Double Vision with Charlie Adley
Holy macaroni! Am I hallucinating? Did my housemates slip a tab of acid into my tea? No, they wouldn’t do that. Well they might, but not on the first day of my first job in Galway. From my tiny semi-slum in Salthill I’d walked to Bishop O’Donnell Road, where my legs froze and my heartbeat rose, as I stared at my destination: the Rahoon Flats.
When I’d told my Galwegian friends where I’d be working, they’d muttered about heroin and violence, but to my Londoner’s eyes the towers looked neither too daunting nor deprived.
It wasn’t the buildings, but the huge mural painted on the side of one of them that took my breath away. Who else in Galway would recognise Bradford’s skyline, the very city I’d left seven months before? After a one-way flight, I’d randomly hitched around Europe looking for a home, ended up in Galway, found work with Traveller children in the Rahoon Flats, where I now stood, rooted to the spot, my eyes running over those familiar silhouetted mosques, the museum, the mill chimneys, the terraces of tiny houses wound around the hills that used to be home.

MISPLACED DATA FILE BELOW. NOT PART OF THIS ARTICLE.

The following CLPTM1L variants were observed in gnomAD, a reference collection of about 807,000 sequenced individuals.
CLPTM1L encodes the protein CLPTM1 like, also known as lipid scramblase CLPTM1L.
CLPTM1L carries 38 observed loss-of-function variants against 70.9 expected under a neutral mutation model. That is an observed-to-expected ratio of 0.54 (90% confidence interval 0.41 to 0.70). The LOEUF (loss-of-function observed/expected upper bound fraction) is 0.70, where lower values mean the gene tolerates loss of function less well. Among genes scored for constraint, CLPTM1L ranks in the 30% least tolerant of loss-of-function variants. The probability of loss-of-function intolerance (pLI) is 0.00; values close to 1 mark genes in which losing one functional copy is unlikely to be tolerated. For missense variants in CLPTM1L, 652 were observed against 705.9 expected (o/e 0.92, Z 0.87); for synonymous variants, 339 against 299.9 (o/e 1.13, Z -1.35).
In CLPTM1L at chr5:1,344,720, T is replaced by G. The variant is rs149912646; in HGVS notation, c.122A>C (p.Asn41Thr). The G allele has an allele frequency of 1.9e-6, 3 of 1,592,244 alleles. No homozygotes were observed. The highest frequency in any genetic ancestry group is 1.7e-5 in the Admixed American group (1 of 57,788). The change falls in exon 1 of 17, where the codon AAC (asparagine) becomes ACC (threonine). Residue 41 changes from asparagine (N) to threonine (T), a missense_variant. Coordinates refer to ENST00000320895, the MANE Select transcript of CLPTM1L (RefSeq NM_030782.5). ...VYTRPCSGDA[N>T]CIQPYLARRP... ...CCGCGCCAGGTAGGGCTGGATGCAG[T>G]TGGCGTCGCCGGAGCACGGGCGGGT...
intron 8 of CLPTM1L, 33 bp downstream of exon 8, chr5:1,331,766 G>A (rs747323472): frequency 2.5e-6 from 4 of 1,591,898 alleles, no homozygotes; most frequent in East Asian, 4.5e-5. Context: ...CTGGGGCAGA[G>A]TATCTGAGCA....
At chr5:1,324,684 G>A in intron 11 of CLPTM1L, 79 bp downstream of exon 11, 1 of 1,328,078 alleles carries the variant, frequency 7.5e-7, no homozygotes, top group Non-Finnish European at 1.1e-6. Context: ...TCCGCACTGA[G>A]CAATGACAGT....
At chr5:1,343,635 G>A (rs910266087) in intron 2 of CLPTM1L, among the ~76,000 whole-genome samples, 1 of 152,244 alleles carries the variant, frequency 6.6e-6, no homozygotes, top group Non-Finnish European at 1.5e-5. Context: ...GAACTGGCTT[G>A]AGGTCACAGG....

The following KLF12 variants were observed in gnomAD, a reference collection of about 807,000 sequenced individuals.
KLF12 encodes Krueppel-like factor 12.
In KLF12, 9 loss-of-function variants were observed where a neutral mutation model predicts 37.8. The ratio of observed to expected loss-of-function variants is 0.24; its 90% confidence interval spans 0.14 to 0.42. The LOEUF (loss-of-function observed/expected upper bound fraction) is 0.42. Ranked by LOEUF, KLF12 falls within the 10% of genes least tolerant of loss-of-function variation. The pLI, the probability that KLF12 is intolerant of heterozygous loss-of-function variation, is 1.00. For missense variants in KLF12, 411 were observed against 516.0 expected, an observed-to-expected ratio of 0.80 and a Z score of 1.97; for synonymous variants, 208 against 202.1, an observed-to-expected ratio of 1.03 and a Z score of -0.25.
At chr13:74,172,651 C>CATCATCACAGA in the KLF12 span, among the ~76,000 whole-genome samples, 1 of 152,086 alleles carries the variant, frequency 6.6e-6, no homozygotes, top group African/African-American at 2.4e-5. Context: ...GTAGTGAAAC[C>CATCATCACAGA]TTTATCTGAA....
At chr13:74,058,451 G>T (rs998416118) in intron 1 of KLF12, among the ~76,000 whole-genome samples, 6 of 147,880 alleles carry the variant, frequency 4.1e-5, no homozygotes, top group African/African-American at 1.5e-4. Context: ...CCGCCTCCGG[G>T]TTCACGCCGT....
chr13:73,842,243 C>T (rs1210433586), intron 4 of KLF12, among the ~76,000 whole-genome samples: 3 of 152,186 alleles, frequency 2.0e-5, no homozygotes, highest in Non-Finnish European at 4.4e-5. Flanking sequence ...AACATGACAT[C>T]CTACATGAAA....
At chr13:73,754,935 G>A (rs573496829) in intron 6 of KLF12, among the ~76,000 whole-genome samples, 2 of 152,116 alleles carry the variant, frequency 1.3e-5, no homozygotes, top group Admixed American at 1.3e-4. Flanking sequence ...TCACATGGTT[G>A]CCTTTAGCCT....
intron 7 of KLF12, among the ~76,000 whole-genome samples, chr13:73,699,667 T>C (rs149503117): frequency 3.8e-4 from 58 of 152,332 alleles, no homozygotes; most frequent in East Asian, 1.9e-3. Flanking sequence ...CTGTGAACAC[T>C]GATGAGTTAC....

A born scribbler, my first instinct was to write about this coincidence and mystery, so I did some research, and discovered that Bradford and Galway were twin cities.
Looking here and there and then here I started to feel giddy, so I typed Double Vision onto the sheet of paper in my typewriter, launching into a rant about the glaring differences between the two cities.
Bradford is in the centre of England, built on seven hills, while Galway is almost flat and very much on the coast. Bradford has the largest Pakistani population outside of Pakistan, while Galway, back in 1992, was almost completely white.
To read Charlie’s column in full, please see this week’s Galway City Tribune.